- Work with agencies and organizations to offer tailored training, courses, and seminars in wetlands, water resources, wildlife, and conservation.
Riparia is poised to develop and offer a set of courses to reach adult learners through targeted e-education courses on Penn State’s World Campus (Penn State On-Line). For those that desire more hands-on experience, Riparia would continue to offer training workshops that emphasize hands-on ﬁeld and laboratory techniques.
We envision the possible development of a certificate program in wetlands that would be available to working professionals throughout the region and beyond – with the World Campus there are no geographical limits.
The expected course topics include: wetland science and policy, wetland plant taxonomy and identification, macroinvertebrate taxonomy and collection, wetlands remote sensing and GIS, and hydrogeomorphic (HGM) functional models. Funds are needed for staff to develop and teach these courses, and to maintain administrative continuity.
- Work with agencies and organizations of the Mid-Atlantic Region to implement a suite of ecological and socioeconomic indicators for assessing the health of aquatic ecosystems.
Riparia, as the lead organization in the Atlantic Slope Consortium, has developed a remarkable set of ecological and socioeconomic indicators that can be used by natural resource managers and citizens to protect and restore important estuaries, rivers, and wetlands. Measures of estuarine water quality, riparian buffer conditions, biological community responses, and landscape patterns detected by remote-sensing imagery are only a few of the nearly 30 indicators developed by team.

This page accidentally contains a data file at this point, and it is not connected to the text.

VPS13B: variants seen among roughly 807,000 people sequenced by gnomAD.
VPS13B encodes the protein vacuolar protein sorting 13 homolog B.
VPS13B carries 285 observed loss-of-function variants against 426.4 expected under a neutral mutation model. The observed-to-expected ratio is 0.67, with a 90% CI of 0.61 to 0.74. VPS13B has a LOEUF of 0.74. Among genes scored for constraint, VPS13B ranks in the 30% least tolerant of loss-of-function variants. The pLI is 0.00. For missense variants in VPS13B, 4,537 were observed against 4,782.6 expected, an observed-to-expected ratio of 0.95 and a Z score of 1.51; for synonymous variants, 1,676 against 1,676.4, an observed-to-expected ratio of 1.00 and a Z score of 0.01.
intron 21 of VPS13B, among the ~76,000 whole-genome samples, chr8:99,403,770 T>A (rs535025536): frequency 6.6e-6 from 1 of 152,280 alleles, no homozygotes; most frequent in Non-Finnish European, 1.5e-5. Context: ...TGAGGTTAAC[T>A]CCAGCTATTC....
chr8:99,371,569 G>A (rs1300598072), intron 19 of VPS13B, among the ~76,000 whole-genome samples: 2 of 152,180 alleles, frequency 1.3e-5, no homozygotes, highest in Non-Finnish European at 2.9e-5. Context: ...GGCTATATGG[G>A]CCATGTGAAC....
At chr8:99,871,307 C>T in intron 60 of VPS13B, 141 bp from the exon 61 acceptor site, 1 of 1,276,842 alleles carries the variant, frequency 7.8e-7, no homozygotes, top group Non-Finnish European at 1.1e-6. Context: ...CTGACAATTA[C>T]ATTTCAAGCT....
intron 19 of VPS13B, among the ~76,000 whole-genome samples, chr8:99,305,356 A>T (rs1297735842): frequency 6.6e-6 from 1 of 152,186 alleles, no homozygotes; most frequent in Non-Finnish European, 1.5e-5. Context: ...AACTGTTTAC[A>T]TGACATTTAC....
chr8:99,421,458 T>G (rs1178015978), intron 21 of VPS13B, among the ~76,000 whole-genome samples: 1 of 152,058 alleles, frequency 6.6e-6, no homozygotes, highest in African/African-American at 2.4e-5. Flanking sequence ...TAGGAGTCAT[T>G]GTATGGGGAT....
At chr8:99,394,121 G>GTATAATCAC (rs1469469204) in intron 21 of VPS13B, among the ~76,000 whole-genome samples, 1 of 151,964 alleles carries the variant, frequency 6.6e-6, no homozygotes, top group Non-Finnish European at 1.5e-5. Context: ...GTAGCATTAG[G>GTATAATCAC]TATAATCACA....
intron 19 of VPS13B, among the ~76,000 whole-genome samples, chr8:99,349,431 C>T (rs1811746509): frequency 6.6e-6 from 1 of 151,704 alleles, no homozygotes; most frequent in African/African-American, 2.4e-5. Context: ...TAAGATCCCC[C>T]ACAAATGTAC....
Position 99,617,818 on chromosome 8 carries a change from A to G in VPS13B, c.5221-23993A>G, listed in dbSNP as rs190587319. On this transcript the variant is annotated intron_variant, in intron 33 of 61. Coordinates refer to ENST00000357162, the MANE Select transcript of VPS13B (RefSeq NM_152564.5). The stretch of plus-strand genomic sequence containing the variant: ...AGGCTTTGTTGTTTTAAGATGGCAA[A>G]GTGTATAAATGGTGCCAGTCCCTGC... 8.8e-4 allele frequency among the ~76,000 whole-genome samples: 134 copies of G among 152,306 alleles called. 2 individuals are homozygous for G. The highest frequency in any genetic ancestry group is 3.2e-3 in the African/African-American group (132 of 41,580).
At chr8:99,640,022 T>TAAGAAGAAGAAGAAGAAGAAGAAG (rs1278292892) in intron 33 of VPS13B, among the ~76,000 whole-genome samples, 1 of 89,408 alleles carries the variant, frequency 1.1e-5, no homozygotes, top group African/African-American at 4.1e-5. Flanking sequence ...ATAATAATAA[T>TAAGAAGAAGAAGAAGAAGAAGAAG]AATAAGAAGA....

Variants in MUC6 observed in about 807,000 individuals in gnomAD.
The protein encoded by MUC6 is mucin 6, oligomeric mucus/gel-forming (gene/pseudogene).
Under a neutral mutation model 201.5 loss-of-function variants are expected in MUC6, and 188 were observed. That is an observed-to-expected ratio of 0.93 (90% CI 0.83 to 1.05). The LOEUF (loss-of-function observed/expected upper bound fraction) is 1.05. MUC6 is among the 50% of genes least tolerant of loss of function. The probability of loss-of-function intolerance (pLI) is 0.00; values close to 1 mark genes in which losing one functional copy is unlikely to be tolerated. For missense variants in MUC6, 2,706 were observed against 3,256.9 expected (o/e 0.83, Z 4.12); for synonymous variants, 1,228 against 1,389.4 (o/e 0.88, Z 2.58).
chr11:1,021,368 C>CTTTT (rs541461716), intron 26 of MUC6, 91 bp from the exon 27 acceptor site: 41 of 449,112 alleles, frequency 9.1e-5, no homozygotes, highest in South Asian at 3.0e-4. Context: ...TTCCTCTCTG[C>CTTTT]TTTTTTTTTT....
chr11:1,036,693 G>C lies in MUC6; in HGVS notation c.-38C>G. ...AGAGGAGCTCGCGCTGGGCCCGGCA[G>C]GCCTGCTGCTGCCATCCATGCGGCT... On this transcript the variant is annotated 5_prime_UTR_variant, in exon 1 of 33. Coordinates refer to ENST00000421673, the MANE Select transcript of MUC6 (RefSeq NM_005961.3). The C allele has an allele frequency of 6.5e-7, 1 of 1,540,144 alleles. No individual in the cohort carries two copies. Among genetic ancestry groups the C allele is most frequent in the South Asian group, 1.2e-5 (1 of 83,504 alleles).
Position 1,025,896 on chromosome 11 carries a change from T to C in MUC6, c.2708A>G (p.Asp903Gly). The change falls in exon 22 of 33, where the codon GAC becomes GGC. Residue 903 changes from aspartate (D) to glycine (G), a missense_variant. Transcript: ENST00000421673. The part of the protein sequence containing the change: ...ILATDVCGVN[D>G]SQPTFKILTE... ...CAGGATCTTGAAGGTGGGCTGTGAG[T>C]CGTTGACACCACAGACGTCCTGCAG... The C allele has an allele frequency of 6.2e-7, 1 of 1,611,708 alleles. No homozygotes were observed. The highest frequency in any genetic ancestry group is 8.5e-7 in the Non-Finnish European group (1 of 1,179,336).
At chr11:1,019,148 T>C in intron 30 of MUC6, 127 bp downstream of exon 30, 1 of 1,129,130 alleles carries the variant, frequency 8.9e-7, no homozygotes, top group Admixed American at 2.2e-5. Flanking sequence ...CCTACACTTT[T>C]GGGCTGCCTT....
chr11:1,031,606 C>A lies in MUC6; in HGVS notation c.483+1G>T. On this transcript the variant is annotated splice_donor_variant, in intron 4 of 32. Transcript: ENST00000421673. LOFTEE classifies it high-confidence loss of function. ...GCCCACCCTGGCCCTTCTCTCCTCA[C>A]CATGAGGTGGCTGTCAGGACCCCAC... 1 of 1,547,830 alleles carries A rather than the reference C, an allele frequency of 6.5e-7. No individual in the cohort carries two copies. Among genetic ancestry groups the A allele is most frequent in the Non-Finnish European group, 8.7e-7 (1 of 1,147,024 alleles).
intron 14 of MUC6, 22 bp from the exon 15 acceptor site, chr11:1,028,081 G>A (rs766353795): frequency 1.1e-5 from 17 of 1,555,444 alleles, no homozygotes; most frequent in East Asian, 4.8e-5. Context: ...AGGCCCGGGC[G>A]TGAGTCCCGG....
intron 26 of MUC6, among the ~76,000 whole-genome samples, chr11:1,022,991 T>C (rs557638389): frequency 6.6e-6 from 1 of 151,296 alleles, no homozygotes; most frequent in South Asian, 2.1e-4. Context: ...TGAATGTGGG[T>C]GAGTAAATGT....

During this 5-year project, our study area consisted of the Delaware, Susquehanna-Chesapeake, and Ablemarle-Pamlico basins, and thus, include parts of NJ, NY, PA, ED, MD, VA, WV, and NC. Our 40-person ASC team investigated thousands of sites in over small watersheds and estuarine segments throughout the region and produced a final report documenting these findings. Now, we are working to place these indicators into practice throughout the region. More details on this project can be found at: www.asc.psu.edu.
- Continue long-term studies of reference wetlands to determine trends in condition and to continually improve mitigation design criteria for wetlands.
In 2007, Riparia is embarking on a long-term project to evaluate wetland mitigation projects in Pennsylvania, working with the Department of Environmental Protection, the U.S. Environmental Protection Agency – Region 3, and other organizations. We will be applying our monitoring methods across hundreds of created and restored wetlands throughout the Commonwealth. We will develop enhanced design criteria to “build better wetlands” based on characteristics of naturally occurring reference wetlands.
- Allow Riparia faculty and staff to continue to serve in leadership positions on agency advisory boards, professional society boards, land trust boards, planning commissions, and other capacities all of which help to use science to directly inform policy and planning decisions.
Riparia’s faculty, staff, and students are committed to serving the public, and have committed themselves to numerous efforts to apply scientific findings toward discovering solutions to many types of environmental issues and problems that impact wetlands, streams, and other aquatic habitats. As time and funding allow, we intend to continue this high level of service.